It does. The official exchange rate is Bs2,150/US$1 but the black market gets you about Bs3,500 (In December it went as high as Bs7,000). But as you may understand, this sucks for those of us earning in Bolivares.

    “rana, I’m sure you will be happy to know that Venezuela is contributing $1.5 million for immigrant job training in the US.
    Venezuelans may have a different perspective though”

    Most Venezuelans heavily critize Chavez for giving away much-needed money. Venezuela is a mess: poverty, crime and corruption are rampant; government spending is out of control; there are food and housing shortages; roads, hospitals, schools are falling apart… the list goes on.

  32. I’m sure that any minute the pure scientific rationality of socialism will kick in and Venezuela will be on the road to happiness and prosperity.

    After all, Cuba’s on the verge of its miracle. Any day now, so I’m told.

    You naysayers need to learn patience.

  33. SugarFree,

    Agreed. But the “enemy of my enemy is my friend” canard was an asinine position in the Cold War, and is no better for it now that the left is doing it.

    I agree.

    (And if this is a Pinochet gotcha, I’ve never said a positive word about that blood-soaked fuckwad. Google to your heart’s content.)

    I’m glad of that, but that wasn’t what I was getting at. I was just more broadly affirming your original statement.

  34. stuartl: it’s not (yet) a requirement of patriotism to read the link, but if you had read my link and what it links to, you’d find out that the group that got the money – and especially their leader – does not in any way match your delusional fantasy. They advertise online on behalf of people who may be in the country illegally, undercutting U.S. citizens. That doesn’t fit my description of patriotic, but libertarians – like the, pardon me for saying it, Rosenbergs’ defenders – have a different definition. Their leader attended a “RevolutionInTheUS” conference, and that doesn’t sound too very patriotic to me. Further, they’re “protected” (meaning, in the negative sense) by the local Dem machine, which seeks to profit from illegal activity: all those IllegalAliens form a power base for them.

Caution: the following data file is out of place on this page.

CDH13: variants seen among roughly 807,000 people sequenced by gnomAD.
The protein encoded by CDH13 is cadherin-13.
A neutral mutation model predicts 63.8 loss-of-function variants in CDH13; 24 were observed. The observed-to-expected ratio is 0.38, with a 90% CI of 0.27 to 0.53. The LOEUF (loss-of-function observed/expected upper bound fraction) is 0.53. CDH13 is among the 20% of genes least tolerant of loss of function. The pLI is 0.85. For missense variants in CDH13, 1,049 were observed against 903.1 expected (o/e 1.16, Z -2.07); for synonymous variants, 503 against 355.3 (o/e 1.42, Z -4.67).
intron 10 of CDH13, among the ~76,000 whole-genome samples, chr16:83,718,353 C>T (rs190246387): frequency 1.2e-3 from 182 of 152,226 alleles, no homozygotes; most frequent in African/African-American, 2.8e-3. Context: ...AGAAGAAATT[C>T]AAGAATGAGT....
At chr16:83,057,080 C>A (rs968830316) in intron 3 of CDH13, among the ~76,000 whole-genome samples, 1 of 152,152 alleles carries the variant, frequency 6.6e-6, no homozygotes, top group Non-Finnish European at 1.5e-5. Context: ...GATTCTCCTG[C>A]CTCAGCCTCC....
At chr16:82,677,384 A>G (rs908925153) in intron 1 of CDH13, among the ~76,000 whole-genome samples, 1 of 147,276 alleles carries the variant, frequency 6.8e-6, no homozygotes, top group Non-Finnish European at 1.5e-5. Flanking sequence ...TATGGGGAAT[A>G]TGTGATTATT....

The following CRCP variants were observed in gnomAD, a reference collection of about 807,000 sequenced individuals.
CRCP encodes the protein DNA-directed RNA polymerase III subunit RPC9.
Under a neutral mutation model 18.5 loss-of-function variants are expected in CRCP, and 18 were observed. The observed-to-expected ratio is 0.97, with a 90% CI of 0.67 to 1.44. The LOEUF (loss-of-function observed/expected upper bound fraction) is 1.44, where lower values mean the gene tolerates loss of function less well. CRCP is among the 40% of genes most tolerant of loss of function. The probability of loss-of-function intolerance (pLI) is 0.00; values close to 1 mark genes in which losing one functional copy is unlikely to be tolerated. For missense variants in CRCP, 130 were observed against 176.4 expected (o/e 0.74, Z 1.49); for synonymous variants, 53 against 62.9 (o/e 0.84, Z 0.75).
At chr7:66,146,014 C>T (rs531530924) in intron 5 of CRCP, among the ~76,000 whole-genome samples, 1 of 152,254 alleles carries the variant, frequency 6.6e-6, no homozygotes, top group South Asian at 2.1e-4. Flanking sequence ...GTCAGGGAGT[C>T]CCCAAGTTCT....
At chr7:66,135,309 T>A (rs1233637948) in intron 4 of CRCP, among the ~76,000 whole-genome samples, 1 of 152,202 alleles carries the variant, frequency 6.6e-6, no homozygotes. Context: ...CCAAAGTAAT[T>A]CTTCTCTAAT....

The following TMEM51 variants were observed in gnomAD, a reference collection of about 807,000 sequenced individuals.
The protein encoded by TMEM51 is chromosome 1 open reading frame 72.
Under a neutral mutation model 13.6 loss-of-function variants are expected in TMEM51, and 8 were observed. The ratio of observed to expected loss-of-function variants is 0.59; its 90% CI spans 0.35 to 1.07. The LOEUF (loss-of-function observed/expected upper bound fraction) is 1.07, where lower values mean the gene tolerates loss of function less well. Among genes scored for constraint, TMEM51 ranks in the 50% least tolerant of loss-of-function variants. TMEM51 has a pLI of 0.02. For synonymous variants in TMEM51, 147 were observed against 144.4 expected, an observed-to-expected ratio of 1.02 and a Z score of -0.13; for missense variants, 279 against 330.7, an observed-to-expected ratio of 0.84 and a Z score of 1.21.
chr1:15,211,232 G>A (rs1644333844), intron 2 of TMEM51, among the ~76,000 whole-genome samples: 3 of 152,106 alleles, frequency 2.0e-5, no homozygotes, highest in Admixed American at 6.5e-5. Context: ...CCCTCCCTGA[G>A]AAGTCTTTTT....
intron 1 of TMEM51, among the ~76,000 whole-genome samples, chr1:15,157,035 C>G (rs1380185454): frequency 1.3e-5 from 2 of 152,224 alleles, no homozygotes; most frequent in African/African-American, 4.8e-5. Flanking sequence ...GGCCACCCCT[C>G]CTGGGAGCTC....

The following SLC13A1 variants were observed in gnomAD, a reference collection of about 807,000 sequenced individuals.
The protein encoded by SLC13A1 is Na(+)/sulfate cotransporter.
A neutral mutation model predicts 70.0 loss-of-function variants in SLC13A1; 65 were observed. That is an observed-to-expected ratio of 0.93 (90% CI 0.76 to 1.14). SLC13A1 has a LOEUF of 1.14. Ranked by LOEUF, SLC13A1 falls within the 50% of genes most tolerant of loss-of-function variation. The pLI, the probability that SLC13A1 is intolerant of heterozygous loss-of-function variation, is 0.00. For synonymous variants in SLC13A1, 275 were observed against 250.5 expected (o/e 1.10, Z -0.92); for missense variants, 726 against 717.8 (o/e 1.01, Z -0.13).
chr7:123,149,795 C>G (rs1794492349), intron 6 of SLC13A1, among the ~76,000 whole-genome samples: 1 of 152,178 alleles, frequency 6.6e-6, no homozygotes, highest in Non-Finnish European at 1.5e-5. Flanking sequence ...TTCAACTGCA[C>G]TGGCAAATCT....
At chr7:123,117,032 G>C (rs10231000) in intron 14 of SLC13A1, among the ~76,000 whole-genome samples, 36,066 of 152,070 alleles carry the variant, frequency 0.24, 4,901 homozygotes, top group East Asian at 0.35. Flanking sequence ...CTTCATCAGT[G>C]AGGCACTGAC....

The sarcasm stands.

  35. What mystifies me is why anybody in the US gives a fuck about a third rate dictator of a second tier Latin American country? Especially since he can’t even pull off the dictator part effectively.

  36. shecky,

    1) Some people in the US are cosmopolitans, meaning that they care about the welfare of people, regardless of what make-believe borders they happen to live between.

    2) Some people in the US are ideological fellow-travelers of Mr. Chavez, and they want to see his brutal dictatorship grow even more powerful so that he might improve equality and democracy in Venezuela, making it a shining example to the rest of the world.

    3) Venezuela sits atop a large reserve of crude oil. As is the situation with many tinpot dictators in godforsaken third world shitholes, this makes him extremely interesting to some people in the US.

  37. Joe,